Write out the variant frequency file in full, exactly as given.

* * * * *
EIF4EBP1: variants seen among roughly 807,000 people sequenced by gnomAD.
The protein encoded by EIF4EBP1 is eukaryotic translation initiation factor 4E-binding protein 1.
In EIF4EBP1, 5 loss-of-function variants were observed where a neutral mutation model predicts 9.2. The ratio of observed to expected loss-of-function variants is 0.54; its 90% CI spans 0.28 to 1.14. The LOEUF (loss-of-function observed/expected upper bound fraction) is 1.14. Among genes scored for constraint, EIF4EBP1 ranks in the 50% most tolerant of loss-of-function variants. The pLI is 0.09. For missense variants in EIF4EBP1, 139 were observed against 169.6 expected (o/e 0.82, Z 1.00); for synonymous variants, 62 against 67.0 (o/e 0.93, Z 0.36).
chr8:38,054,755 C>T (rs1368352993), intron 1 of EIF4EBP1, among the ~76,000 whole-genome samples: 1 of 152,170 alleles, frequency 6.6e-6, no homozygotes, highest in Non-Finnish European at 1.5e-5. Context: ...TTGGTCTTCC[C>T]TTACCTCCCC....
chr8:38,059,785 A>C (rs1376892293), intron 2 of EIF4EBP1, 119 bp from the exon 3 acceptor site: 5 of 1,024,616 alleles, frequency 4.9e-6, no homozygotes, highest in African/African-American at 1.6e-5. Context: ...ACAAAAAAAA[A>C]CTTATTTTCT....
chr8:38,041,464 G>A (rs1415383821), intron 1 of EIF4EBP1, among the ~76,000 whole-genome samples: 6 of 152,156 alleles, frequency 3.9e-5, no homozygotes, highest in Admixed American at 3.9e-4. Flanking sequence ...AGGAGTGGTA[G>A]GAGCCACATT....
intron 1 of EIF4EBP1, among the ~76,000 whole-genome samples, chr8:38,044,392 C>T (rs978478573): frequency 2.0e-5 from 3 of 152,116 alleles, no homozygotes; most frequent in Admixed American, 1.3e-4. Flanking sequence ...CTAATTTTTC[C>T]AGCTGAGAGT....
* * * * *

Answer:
EIF4EBP1: variants seen among roughly 807,000 people sequenced by gnomAD.
The protein encoded by EIF4EBP1 is eukaryotic translation initiation factor 4E-binding protein 1.
In EIF4EBP1, 5 loss-of-function variants were observed where a neutral mutation model predicts 9.2. The ratio of observed to expected loss-of-function variants is 0.54; its 90% CI spans 0.28 to 1.14. The LOEUF (loss-of-function observed/expected upper bound fraction) is 1.14. Among genes scored for constraint, EIF4EBP1 ranks in the 50% most tolerant of loss-of-function variants. The pLI is 0.09. For missense variants in EIF4EBP1, 139 were observed against 169.6 expected (o/e 0.82, Z 1.00); for synonymous variants, 62 against 67.0 (o/e 0.93, Z 0.36).
chr8:38,054,755 C>T (rs1368352993), intron 1 of EIF4EBP1, among the ~76,000 whole-genome samples: 1 of 152,170 alleles, frequency 6.6e-6, no homozygotes, highest in Non-Finnish European at 1.5e-5. Context: ...TTGGTCTTCC[C>T]TTACCTCCCC....
chr8:38,059,785 A>C (rs1376892293), intron 2 of EIF4EBP1, 119 bp from the exon 3 acceptor site: 5 of 1,024,616 alleles, frequency 4.9e-6, no homozygotes, highest in African/African-American at 1.6e-5. Context: ...ACAAAAAAAA[A>C]CTTATTTTCT....
chr8:38,041,464 G>A (rs1415383821), intron 1 of EIF4EBP1, among the ~76,000 whole-genome samples: 6 of 152,156 alleles, frequency 3.9e-5, no homozygotes, highest in Admixed American at 3.9e-4. Flanking sequence ...AGGAGTGGTA[G>A]GAGCCACATT....
intron 1 of EIF4EBP1, among the ~76,000 whole-genome samples, chr8:38,044,392 C>T (rs978478573): frequency 2.0e-5 from 3 of 152,116 alleles, no homozygotes; most frequent in Admixed American, 1.3e-4. Flanking sequence ...CTAATTTTTC[C>T]AGCTGAGAGT....